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30-Second Zoology - Mark Fellowes (Ed.) ***

Zoology (as distinct from biology) was one of those sciences that was always most in danger of suffering from Rutherford's old taunt along the lines of 'all science is either physics or stamp collecting' - consisting as it largely seemed to do for a number of centuries of simply cataloguing animals and their behaviour. However, like all the sciences it has evolved, and as someone with very little background in zoology apart from visiting the odd zoo, it was interesting to get this overview of what today's zoology entails.

Inevitably the introductory section (origin and evolution) has a fair amount that is more generally biological in feel (for example, with spreads on genes and natural selection). We then move on to separate sections on invertebrates and vertebrates, handling quite broad groups (mammals, for example, get a single entry), then broader topics of physiology and behaviour, before moving onto perhaps the most interesting sections on ecology and on conservation and extinction. I was interested in the 'ecology' section to find an article on keystone species, which elsewhere I'd recently read was a rather outdated concept - but interesting nonetheless.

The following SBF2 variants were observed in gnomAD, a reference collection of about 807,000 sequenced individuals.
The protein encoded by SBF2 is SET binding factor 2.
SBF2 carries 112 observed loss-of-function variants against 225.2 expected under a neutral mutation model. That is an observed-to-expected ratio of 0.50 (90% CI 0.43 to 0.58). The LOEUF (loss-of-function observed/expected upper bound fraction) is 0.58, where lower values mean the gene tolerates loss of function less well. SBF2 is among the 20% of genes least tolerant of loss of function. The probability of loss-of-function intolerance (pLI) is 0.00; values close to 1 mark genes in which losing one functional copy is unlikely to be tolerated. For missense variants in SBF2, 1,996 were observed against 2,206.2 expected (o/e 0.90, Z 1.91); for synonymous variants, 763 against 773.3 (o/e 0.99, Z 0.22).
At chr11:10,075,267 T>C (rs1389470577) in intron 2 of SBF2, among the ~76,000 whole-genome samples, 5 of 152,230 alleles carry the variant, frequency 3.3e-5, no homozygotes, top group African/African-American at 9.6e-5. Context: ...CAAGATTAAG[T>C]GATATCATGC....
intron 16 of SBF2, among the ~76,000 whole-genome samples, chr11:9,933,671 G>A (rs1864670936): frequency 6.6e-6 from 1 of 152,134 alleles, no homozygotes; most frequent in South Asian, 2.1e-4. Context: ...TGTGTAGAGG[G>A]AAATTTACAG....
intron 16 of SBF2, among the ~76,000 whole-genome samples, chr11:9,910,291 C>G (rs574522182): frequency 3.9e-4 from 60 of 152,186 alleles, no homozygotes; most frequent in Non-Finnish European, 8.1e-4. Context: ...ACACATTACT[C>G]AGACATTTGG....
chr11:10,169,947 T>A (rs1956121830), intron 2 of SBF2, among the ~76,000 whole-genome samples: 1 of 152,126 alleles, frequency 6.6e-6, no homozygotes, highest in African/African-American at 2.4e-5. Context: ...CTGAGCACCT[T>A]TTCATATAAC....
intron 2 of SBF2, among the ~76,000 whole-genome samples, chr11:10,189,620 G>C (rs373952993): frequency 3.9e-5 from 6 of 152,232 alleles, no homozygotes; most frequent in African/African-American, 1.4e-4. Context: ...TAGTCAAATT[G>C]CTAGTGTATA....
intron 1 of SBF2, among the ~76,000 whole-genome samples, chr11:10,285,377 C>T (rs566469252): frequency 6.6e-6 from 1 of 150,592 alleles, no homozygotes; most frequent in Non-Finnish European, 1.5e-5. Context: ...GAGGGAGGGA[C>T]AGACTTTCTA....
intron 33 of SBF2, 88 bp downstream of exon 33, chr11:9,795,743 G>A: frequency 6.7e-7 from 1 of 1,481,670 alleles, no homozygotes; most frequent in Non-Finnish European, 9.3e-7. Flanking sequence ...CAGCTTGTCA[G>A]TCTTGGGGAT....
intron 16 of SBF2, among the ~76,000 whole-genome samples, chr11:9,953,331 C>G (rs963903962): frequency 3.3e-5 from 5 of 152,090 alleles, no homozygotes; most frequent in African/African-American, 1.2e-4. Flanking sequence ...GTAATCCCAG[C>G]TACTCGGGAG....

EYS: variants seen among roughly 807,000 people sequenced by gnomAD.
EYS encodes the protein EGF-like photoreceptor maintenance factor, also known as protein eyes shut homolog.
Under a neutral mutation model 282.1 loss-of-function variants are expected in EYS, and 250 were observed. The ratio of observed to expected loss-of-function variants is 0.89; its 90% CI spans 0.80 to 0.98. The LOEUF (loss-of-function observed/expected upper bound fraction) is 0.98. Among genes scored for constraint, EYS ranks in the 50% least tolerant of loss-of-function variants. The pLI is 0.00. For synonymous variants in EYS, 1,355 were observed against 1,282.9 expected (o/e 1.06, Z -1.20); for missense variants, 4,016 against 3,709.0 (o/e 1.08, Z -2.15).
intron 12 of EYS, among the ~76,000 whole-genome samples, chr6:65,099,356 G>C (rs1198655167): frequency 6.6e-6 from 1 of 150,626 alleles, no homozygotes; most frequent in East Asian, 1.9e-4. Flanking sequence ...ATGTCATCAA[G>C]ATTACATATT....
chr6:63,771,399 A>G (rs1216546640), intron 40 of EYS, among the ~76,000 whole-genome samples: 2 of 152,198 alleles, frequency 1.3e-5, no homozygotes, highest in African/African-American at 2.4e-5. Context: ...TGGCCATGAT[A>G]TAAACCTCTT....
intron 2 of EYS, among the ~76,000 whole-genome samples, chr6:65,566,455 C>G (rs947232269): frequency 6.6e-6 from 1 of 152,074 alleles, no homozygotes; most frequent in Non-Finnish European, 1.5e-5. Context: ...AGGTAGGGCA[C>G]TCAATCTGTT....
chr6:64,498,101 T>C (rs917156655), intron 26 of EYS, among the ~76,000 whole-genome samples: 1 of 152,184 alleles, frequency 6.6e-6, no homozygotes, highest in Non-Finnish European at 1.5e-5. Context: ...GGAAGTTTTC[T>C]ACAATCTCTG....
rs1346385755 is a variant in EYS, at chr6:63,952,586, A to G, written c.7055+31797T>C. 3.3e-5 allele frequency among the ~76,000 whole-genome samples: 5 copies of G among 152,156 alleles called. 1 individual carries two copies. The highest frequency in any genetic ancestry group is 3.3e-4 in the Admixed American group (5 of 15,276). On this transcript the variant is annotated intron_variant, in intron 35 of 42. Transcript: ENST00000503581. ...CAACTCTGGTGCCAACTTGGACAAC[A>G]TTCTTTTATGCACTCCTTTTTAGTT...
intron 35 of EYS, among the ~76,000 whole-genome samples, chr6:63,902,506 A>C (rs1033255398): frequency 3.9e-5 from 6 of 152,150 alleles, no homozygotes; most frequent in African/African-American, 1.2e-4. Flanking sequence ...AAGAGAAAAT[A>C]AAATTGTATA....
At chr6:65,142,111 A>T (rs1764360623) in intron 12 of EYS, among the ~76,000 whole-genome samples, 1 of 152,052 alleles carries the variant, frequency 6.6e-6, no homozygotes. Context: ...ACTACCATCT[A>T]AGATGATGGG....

I'll be honest, the format is one I've never really understood. I like words with the odd picture to explain something that words struggle to highlight - but in this series half the pages are taken up with large illustrations, more decorative than informative, and even the text is broken into tight, bite-sized chunks. This makes it a handy kind of book to read on the train, perhaps (though the large format mitigates against this). I'm also not overly fond of multi-author books, though Mark Fellowes, the editor has done a good job of pulling together the various articles and making them feel like a whole.

Interesting, then, and something I might browse through in a library or bookshop... but not my favourite style of book. Although not addressed to children, perhaps ideal for a teenager who is developing a first interest in the subject.

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Review by Brian Clegg


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